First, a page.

Tag Archives: violence
Thu, May 23, 2013 | 06:30 BST
According to a recent study published from Texas A&M International University, watching violent media as a child is not necessarily a predictor of violent behaviour in the future. The study outlines that genetics and social environment have a larger impact on personal development.
Tue, May 21, 2013 | 04:40 BST
If you were a key cog at the studio producing, eh, notoriously violent titles like Grand Theft Auto: Vice City, would you be embarrassed to the explain to the “normies” in your life what you do? Jeremy Pope was, and that’s why he left Rockstar Games a decade ago and is pursuing projects that he sees as more palatable to him.
Mon, Aug 06, 2012 | 09:05 BST
Games have been publicly slammed by a police commissioner in Australia for inciting a rise in knife crime, because they let children act out ‘virtual crimes’ and earn incentives for violent acts in-game.
Thu, Jun 21, 2012 | 16:21 BST
CD Projekt RED CEO Marcin Iwinski has said there is nothing wrong with games including sex and violence as long as it’s part of the world and not overused.
Thu, Mar 04, 2010 | 21:50 GMT
Mon, Jul 20, 2009 | 21:55 BST
According to MCV, violent videogame ads are about to get a stern talking-to from the Advertising Standards Agency.
Apparently, the ASA will release new guidance for publishers and their ad agencies next week, which will ask them to consider the “wider context” of violent ads.
This is not to say, however, that gore, giblets, and F-bombs litter UK game ads — far from it. The ASA says less than one percent of game ads in the last 12 months were so gratuitously violent that they had to be pulled.
As such, the new guidelines are meant to stop future problems from ever sparking into a flame, and encourage publishers to go beyond simply satisfying regulatory rules.
More through the link.
Fri, Jul 10, 2009 | 13:16 BST
Germany’s 16 Interior Ministers asked the Bundestag to ban production and distribution of violent video games in the country, and are hoping the new sanction goes into effect before elections take place on September 27.
The ban comes on the heels of the recent school shootings that have occurred in the country, most notably the Winnenden shooting on March 11.
If passed, not only would German consumers not be able to purchase the games at retail, but German developers like Crytek would be required by law to outsource development of any game the law deems violent.
Or move its headquarters to another country.
More over on GamePolitics.
Sat, Feb 09, 2008 | 09:38 GMT
According to this, a recent study at the Indiana School of Medicine has shown that, “Exposure to violent video games, even E [Everyone - Ed] rated video games, increases aggressive thoughts, increases pro-social behavior and increases general arousal,” said Dr Greg Snyder, a psychologist at Omaha’s Children’s Hospital.
The study compared brain scan of a teenager who has just played what was deemed a nonviolent video game to the scan of a teen who had just spent 30 minutes playing a violent game.
“The more normal [violence] is, the more likely it is they’re going to activate or engage in those behaviors when provoked or even unprovoked,” Snyder added.
Ryan Miller, the manager of general operations for Gamers in Omaha, countered, said video games become an easy scapegoat when children turn violent.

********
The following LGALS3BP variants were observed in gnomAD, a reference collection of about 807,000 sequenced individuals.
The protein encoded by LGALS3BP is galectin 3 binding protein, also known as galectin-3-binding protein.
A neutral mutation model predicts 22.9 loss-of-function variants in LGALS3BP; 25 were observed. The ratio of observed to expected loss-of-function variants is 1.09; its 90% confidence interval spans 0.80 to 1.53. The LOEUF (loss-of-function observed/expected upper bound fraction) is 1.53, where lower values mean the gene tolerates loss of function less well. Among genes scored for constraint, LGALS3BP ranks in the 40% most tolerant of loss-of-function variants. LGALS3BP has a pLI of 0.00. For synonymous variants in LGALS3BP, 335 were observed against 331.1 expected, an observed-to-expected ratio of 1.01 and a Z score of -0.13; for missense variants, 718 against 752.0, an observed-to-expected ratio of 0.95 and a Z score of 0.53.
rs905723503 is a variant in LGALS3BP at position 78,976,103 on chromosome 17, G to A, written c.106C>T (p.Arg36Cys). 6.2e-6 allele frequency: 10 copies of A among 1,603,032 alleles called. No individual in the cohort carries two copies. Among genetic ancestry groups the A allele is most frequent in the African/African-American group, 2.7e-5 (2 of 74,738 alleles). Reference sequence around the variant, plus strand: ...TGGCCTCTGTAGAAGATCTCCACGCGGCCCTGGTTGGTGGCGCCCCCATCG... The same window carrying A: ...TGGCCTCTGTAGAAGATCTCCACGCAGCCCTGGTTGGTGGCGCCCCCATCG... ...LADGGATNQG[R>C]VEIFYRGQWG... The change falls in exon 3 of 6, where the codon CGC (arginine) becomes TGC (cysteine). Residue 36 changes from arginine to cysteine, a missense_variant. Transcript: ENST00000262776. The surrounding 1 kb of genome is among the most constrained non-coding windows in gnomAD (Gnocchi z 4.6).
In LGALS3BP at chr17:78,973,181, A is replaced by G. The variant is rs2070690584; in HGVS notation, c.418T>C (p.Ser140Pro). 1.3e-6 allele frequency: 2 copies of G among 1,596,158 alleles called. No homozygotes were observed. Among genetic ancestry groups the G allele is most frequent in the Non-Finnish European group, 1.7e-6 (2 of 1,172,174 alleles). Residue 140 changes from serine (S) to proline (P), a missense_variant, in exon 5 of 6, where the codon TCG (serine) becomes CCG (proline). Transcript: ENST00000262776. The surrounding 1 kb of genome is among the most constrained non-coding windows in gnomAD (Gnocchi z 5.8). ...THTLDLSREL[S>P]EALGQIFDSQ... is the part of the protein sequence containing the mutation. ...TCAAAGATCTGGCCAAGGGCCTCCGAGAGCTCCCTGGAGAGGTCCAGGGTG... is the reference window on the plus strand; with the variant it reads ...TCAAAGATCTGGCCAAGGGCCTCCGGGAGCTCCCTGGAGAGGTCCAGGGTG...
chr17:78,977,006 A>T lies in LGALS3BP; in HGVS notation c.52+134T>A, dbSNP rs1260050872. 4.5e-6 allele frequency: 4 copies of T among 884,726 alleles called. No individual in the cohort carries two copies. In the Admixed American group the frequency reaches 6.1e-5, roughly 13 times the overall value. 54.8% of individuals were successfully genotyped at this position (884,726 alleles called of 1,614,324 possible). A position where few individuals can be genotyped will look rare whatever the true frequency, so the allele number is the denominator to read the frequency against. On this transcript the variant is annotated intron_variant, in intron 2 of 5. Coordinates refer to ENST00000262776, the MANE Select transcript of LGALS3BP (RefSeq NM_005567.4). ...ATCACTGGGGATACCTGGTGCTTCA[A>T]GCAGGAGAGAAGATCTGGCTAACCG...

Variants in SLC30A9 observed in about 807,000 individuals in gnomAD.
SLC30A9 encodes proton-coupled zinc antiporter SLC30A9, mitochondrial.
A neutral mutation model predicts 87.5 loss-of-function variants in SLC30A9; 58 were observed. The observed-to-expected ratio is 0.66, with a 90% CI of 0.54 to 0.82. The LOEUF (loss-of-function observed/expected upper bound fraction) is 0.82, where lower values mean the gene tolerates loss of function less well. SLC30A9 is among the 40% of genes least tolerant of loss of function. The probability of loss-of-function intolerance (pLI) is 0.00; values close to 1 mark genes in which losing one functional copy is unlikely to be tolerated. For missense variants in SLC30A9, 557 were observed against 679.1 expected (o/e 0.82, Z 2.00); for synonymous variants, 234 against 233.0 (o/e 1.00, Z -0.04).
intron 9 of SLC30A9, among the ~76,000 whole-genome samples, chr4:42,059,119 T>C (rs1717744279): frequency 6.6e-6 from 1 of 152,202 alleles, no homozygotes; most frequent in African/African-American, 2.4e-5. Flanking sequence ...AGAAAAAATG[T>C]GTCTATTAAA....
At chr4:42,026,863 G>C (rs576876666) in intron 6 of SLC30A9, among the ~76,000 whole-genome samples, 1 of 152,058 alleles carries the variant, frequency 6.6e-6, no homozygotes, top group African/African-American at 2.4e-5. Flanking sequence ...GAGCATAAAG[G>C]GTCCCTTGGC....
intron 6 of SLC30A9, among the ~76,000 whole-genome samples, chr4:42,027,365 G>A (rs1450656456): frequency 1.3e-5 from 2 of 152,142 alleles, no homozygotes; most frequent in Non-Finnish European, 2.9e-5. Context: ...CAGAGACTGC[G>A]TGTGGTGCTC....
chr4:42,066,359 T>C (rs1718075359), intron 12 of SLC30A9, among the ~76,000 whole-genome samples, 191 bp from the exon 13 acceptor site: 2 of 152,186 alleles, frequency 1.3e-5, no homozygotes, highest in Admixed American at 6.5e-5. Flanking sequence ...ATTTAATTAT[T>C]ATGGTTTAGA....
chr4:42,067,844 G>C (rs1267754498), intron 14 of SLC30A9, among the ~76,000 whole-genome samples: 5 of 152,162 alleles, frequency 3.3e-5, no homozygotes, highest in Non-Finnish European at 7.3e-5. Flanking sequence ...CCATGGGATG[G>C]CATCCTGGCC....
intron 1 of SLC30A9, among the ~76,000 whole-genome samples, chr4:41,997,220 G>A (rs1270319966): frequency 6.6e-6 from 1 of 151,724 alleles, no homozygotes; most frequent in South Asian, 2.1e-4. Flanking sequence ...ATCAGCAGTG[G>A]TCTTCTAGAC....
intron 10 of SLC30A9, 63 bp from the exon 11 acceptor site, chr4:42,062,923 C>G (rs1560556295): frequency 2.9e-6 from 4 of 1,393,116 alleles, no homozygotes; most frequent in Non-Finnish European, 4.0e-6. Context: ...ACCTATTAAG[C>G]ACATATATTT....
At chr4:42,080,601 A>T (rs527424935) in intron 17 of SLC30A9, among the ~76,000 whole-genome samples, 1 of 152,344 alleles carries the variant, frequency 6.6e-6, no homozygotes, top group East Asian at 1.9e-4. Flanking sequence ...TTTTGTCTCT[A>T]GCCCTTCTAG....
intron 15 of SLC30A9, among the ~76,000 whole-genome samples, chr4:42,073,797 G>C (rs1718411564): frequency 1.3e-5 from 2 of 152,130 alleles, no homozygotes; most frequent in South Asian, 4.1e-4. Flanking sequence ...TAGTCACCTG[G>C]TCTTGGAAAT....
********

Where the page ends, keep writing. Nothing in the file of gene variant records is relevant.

“Just like any new media, it gets attacked. When any new genre of music comes out, it gets attacked. TV will, of course, get attacked. I’m sure, way back when, books got attacked,” he said.
Lots more through that link. We’ll post some more news, right after we get back from killing some people.
Mon, Feb 11, 2008 | 08:01 GMT
Following this week’s news that wary glances are being cast behind the scenes of Tanja Byron’s upcoming report, British national daily The Guardian is this morning carrying, “Ministers plan clampdown on ‘unsuitable’ video games” as its main headline.
The story mirrors earlier reports this week in that it claims the Byron Report is to recommend a legal classification system for all games, but goes into further detail about plans to advise parents to not allow children to play games in their bedrooms and to only let them use computers and games consoles in places where the screens are clearly visible.
According to the piece, “A legally enforceable, cinema-style classification system is to be introduced for video games in an effort to keep children from playing damaging games unsuitable for their age… Under the proposals it would be illegal for shops to sell classified games to a child below the recommended age.
“At present only games showing sex or ‘gross’ violence to humans or animals require age limits. That leaves up to 90% of games on the market, many of which portray weapons, martial arts and extreme combat, free from statutory labelling.
Ministers are expected to advise parent to keep computers and games consoles away from children’s bedrooms as much as possible, and ask them to play games in living rooms or kitchens facing outwards so carers can see what is being played.”
The report doesn’t mention the BBFC as being the body to handle a new classification system, instead leading with a strap of, “New rating scheme devised.” Currently, only a handful of games are classified by the BBFC, with most in the UK carrying the voluntary PEGI rating.
The Byron Report, due next month, includes a lengthy review of studies into the effects of games on children, and has been discussed with the Department for Children, Schools and Families and the Department for Culture, Media and Sport. Ministers are now said to have a “sense of the report’s direction”, said the Guardian’s piece, on which the article is based.